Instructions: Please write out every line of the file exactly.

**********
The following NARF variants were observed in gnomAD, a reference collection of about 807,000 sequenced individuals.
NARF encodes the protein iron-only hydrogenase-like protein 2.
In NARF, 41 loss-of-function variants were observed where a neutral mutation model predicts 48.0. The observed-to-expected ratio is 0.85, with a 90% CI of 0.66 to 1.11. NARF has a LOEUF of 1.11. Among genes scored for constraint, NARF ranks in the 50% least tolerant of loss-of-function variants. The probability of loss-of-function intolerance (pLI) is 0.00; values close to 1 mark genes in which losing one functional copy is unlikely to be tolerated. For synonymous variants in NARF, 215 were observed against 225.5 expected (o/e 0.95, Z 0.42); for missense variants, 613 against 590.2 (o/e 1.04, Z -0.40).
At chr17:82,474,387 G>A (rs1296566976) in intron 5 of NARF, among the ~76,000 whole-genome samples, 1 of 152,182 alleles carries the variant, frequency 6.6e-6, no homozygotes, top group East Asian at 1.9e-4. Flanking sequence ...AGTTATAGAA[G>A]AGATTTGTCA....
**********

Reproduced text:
The following NARF variants were observed in gnomAD, a reference collection of about 807,000 sequenced individuals.
NARF encodes the protein iron-only hydrogenase-like protein 2.
In NARF, 41 loss-of-function variants were observed where a neutral mutation model predicts 48.0. The observed-to-expected ratio is 0.85, with a 90% CI of 0.66 to 1.11. NARF has a LOEUF of 1.11. Among genes scored for constraint, NARF ranks in the 50% least tolerant of loss-of-function variants. The probability of loss-of-function intolerance (pLI) is 0.00; values close to 1 mark genes in which losing one functional copy is unlikely to be tolerated. For synonymous variants in NARF, 215 were observed against 225.5 expected (o/e 0.95, Z 0.42); for missense variants, 613 against 590.2 (o/e 1.04, Z -0.40).
At chr17:82,474,387 G>A (rs1296566976) in intron 5 of NARF, among the ~76,000 whole-genome samples, 1 of 152,182 alleles carries the variant, frequency 6.6e-6, no homozygotes, top group East Asian at 1.9e-4. Flanking sequence ...AGTTATAGAA[G>A]AGATTTGTCA....